Conversation Killers

14/06/2013 15:09 BST | Updated 20/04/2017 11:33 BST

There are certain conversations that irk me. A fan of actual conversations, ones that require honesty and direct experiences that someone cares about, tend to give way to the following kind of interactions that are confused as conversations:

(1) Mere exchanges of things we read and now know about just so we can have this conversation: Someone pipes up "I read in..." or describes something possibly personal and suddenly, all parties involved start exchanging mere facts and bits of knowledge they've hoarded just to whip it out on occasions like this. It's not the exchange of facts and knowledge that's the bother, it's the realisation that this exchange doesn't benefit anybody involved-- mouths are moving, sounds are coming out, but you leave feeling like you could of just looked this all up on the internet: Why talk about your new ipad by giving the directions on how to charge it, the years of warranty and pornographically describing the box it came in?

(2) The soundboard: Someone initiates a conversation with you (or vice versa). He tells you what he thinks, what he knows, what he is doing, he has the decency to say bye and then leaves: You weren't talking with him, he was talking at you. You were just a soundboard, someone he can practice his monologue on. You could have been anyone and it didn't matter. But it had to be a person because talking at inanimate objects means possible mental illness.

(3) Verbal Olympics: Whatever you say, the other person will drag the conversation back to herself -- if you mentioned you were just at a wedding over the weekend, she will tell you that she has been to two and was in fact, a bridesmaid for one of the weddings. Mention, oh yeah, I've been a bridesmaid before and she will immediately point out that she has been a bridesmaid for so many of her friends' weddings this past year. So many that she should open a business to consult on bridesmaid etiquette. Whatever you share about yourself, she has done it multiple times, better, more extreme, more amazing-- aka she is better than you, just in case you didn't realise.

(4) Whatever you say, I am right. Cos that's just the way it is: In the other person's mind, he already thinks you're inferior. It may not be very obvious to him either, but in some way, he thinks that. You are either responding to a question or commenting on something, and without much thought, he immediately blurts "I can't believe you said that!" / "How could you think that!?" / (insert aggressive accusatory remark). In his mind, he also thinks you two are having a discussion about your differences. But the reality is, he is belligerently telling you why you are wrong and paying little attention to why you think that way. He doesn't care. His viewpoint only includes himself.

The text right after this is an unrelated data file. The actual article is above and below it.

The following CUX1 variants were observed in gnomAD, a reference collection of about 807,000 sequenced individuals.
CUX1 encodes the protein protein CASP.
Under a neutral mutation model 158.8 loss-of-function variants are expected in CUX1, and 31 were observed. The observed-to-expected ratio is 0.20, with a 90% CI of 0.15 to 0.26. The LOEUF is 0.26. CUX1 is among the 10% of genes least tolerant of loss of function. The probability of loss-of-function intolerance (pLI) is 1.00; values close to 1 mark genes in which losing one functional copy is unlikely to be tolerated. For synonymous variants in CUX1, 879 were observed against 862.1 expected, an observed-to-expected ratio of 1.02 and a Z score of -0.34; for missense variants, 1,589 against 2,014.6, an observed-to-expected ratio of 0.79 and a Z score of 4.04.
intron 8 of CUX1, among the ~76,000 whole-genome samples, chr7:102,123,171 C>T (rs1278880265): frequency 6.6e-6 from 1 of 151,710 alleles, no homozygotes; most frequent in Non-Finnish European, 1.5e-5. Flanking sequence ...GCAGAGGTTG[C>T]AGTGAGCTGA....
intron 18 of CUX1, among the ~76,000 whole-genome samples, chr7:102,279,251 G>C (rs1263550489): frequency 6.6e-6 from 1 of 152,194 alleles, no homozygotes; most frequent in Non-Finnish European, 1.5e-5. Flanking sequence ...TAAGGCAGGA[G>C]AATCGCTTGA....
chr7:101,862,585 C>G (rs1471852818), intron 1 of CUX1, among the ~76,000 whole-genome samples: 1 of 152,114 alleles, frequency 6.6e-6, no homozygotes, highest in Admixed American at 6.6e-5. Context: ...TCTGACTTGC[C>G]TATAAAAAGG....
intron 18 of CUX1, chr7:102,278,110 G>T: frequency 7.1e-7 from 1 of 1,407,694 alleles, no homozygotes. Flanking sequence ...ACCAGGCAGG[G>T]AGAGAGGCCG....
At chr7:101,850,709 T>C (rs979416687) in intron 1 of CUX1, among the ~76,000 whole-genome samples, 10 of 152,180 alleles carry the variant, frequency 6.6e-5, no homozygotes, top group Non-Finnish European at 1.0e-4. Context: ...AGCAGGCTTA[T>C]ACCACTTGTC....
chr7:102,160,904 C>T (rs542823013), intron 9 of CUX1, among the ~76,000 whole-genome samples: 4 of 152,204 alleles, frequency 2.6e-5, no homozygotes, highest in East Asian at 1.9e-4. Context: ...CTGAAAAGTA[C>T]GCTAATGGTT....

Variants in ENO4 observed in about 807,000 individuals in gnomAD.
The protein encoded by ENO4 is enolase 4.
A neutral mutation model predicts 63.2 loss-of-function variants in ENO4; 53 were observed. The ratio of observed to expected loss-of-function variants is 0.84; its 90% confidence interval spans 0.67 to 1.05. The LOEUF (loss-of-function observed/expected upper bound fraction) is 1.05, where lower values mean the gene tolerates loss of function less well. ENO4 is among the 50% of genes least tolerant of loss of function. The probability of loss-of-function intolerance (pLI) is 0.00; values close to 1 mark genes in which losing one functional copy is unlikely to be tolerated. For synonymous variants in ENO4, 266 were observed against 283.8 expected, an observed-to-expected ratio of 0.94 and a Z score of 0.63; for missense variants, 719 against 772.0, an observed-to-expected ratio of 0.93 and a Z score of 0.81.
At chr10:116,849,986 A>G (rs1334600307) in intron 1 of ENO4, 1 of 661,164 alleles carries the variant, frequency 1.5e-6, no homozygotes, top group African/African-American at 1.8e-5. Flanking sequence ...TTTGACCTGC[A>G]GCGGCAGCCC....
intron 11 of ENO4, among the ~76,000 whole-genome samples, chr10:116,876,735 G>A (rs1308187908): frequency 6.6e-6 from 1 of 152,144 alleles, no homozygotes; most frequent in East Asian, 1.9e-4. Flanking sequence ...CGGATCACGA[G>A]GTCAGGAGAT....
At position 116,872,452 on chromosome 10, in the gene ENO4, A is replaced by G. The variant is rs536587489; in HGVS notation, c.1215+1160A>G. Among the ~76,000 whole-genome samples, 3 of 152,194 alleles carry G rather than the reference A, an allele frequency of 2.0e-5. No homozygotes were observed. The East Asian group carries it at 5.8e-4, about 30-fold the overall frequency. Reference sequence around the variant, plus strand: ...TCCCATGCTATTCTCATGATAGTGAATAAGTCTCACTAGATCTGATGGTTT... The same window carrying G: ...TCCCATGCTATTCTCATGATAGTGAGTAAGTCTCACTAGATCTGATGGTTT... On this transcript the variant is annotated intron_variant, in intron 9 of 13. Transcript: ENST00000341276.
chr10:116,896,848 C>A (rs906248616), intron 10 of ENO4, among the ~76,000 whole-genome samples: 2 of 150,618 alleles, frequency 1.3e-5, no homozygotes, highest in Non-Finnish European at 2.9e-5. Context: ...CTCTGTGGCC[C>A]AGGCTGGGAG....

The last pseudo-conversation, I find, is the most detrimental. It embodies the trend of most contemporary dialogues and reveals an ignorance that is vicious. Modern debate, from everyday interactions to the political level is less of understanding as it is to win. To win is to bully the other person into submission, ensuring the labelled adversary feels belittled. The power in this is the diminishing of another's voice.

The logic behind believing that one absolute is the only correct stance is not there. One stance cannot possibly be right because everyone is different, has had different experiences that have coloured and changed their lives altogether. To make such an assumption is to proclaim that only your experiences are superior to everyone else's, that it is the blueprint for everyone else to follow. But how could that be if one person cannot embody every kind of experience possible to know which is right?

The signature characteristic of these pseudo-conversations is a lack of respect for each other. Without knowing it, these approaches to social interactions discourage sharing ourselves. In mistaken belief, these types of conversations arise because we want to be validated by others. "Please hear me" and "Please think I have worth" are the pleads underlying these interactions. But it's the risk of opening up and understanding others that does the trick. A celebration of existence comes with understanding what is being celebrated, not having it imposed on others.